If you are strong in a particular subject or enjoy teaching children, you may want to consider earning some extra money as a tutor.  Nearly every neighborhood has a group of children that needs help grasping specific concepts and parents willing to pay by the hour for you to help their children learn the things they are having difficulty with.  Be aware that you may need to prove your proficiency in the subject that you choose to be a tutor for and that parents may withdraw their children from tutoring at any time depending on their situation and their perception of whether you are tutoring the children properly.

Keeping The Costs Down On A Checking Account

Written by Toi Williams on Nov 22nd, 2011 | Filed under: saving

Due to the changes being implemented across the board to banking institutions around the nation, many large banks are trying to come up with new ways to replace the revenue lost to the new rules.  Many of these banks are raising existing fees and adding new fees to checking accounts to recoup these lost profits.  There are several methods that can be used to keep the costs down on your checking account and using these methods can save you hundreds of dollars on bank fees each year.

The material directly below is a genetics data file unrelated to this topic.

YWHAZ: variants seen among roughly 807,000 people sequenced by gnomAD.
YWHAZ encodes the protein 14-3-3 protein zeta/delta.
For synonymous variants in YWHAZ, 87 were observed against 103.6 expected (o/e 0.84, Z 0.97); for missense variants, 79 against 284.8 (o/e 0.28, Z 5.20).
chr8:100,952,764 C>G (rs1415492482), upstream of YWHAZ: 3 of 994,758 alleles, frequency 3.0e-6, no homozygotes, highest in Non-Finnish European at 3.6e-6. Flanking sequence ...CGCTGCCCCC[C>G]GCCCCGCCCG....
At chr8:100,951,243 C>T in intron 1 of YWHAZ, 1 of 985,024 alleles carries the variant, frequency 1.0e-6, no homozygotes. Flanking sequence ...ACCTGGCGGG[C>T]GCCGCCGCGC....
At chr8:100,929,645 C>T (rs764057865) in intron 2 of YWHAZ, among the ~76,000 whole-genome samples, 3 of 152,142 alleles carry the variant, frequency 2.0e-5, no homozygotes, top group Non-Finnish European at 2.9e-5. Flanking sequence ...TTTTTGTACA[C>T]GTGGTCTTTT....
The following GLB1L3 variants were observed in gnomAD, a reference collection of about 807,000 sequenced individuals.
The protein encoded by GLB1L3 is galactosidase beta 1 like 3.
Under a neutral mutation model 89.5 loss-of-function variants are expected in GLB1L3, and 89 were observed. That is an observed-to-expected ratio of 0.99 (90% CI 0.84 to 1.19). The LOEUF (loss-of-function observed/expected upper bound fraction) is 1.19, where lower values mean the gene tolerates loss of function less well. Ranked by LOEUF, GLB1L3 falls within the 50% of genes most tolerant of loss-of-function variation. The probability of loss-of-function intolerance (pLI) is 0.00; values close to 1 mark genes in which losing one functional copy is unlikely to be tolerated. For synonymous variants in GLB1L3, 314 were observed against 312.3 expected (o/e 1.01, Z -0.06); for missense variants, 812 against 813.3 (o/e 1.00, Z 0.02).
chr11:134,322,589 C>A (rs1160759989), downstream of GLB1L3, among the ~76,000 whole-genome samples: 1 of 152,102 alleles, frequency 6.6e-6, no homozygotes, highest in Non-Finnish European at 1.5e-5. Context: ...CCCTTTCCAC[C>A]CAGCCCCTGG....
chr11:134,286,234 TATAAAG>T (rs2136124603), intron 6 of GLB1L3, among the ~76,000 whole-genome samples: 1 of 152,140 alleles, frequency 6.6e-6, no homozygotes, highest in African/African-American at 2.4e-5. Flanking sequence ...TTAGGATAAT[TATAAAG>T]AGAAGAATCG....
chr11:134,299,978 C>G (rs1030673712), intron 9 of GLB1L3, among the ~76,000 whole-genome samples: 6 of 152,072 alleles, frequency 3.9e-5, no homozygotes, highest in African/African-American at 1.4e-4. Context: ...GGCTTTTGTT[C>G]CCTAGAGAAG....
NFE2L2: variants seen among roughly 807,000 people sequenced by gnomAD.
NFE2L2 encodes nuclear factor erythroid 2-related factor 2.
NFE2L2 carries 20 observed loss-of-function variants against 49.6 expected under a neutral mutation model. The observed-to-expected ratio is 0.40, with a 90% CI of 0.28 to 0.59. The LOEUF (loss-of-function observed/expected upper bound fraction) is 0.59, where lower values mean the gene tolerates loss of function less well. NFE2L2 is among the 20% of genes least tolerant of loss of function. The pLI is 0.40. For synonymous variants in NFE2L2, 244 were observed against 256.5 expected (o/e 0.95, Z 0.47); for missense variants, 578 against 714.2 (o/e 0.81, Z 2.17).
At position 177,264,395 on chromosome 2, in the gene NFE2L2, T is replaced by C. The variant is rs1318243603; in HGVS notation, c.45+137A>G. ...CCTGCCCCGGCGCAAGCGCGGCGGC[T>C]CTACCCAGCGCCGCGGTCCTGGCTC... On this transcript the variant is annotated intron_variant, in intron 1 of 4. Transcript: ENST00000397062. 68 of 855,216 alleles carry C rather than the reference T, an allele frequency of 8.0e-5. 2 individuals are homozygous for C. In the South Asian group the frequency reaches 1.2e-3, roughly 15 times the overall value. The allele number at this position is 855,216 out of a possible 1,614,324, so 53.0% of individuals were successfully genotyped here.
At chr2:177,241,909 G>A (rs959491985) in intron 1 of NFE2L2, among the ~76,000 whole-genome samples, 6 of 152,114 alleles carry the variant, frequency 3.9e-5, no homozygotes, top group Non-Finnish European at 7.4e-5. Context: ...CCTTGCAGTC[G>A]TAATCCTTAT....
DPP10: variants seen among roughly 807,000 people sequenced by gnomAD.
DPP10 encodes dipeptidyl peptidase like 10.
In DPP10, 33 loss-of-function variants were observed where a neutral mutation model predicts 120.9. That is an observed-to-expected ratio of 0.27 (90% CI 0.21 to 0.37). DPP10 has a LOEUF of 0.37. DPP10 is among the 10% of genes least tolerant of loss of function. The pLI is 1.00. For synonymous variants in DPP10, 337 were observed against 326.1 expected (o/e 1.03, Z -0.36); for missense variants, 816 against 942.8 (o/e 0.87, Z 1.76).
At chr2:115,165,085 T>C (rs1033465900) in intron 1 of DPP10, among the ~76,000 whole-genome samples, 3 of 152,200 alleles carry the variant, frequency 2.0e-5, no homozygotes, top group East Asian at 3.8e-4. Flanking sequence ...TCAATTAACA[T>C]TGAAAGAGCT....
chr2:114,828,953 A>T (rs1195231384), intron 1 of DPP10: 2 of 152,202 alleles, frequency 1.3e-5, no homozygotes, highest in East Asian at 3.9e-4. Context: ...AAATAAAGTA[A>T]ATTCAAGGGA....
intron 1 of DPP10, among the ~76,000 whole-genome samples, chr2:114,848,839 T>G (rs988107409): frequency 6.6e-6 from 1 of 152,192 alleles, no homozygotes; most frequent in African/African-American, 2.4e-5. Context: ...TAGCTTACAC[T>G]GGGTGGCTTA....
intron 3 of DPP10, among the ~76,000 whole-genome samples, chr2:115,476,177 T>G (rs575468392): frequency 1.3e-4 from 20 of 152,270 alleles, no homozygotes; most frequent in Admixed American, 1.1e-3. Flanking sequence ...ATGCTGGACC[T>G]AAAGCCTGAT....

Get Your Account Fees Waived

Many banks charge account fees or servicing fees for their checking accounts that are typically charged to the account monthly with the amount immediately deducted from the balance of the checking account.  To avoid these fees, you must meet certain conditions that are determined by the bank, such as having a balance above the minimum amount at all times, using online banking, or having payments direct deposited to the account.  Before opening a checking account, be sure that you can perform the actions to get your fees waived so that you can pay less or nothing at all for your checking account.

Avoid ATM Fees

Most banks penalize you for using another company’s ATM and in many cases, you must pay a fee to both your bank and the bank that owns the ATM.  These fees vary from company to company, so the fee that you are charged each time you use an out of network ATM can change with each occurrence.  To avoid these fees, open your account with a company that has ATMs conveniently located near your home or workplace or with a bank that allows you to use other bank’s ATMs for free.

Avoid Overdrafts